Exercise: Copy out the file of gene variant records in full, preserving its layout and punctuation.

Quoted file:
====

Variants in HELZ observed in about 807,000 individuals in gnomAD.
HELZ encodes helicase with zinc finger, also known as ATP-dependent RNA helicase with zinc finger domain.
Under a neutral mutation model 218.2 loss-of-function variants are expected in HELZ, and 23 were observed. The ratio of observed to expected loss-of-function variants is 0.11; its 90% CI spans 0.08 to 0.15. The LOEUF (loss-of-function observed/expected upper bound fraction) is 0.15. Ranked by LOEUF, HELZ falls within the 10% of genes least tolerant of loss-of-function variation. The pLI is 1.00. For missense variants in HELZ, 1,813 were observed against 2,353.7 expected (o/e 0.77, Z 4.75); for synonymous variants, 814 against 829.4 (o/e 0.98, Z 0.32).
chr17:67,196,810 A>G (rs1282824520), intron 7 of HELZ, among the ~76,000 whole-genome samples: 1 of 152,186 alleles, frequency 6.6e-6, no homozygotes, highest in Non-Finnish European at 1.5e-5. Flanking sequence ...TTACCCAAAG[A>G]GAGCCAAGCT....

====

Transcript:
Variants in HELZ observed in about 807,000 individuals in gnomAD.
HELZ encodes helicase with zinc finger, also known as ATP-dependent RNA helicase with zinc finger domain.
Under a neutral mutation model 218.2 loss-of-function variants are expected in HELZ, and 23 were observed. The ratio of observed to expected loss-of-function variants is 0.11; its 90% CI spans 0.08 to 0.15. The LOEUF (loss-of-function observed/expected upper bound fraction) is 0.15. Ranked by LOEUF, HELZ falls within the 10% of genes least tolerant of loss-of-function variation. The pLI is 1.00. For missense variants in HELZ, 1,813 were observed against 2,353.7 expected (o/e 0.77, Z 4.75); for synonymous variants, 814 against 829.4 (o/e 0.98, Z 0.32).
chr17:67,196,810 A>G (rs1282824520), intron 7 of HELZ, among the ~76,000 whole-genome samples: 1 of 152,186 alleles, frequency 6.6e-6, no homozygotes, highest in Non-Finnish European at 1.5e-5. Flanking sequence ...TTACCCAAAG[A>G]GAGCCAAGCT....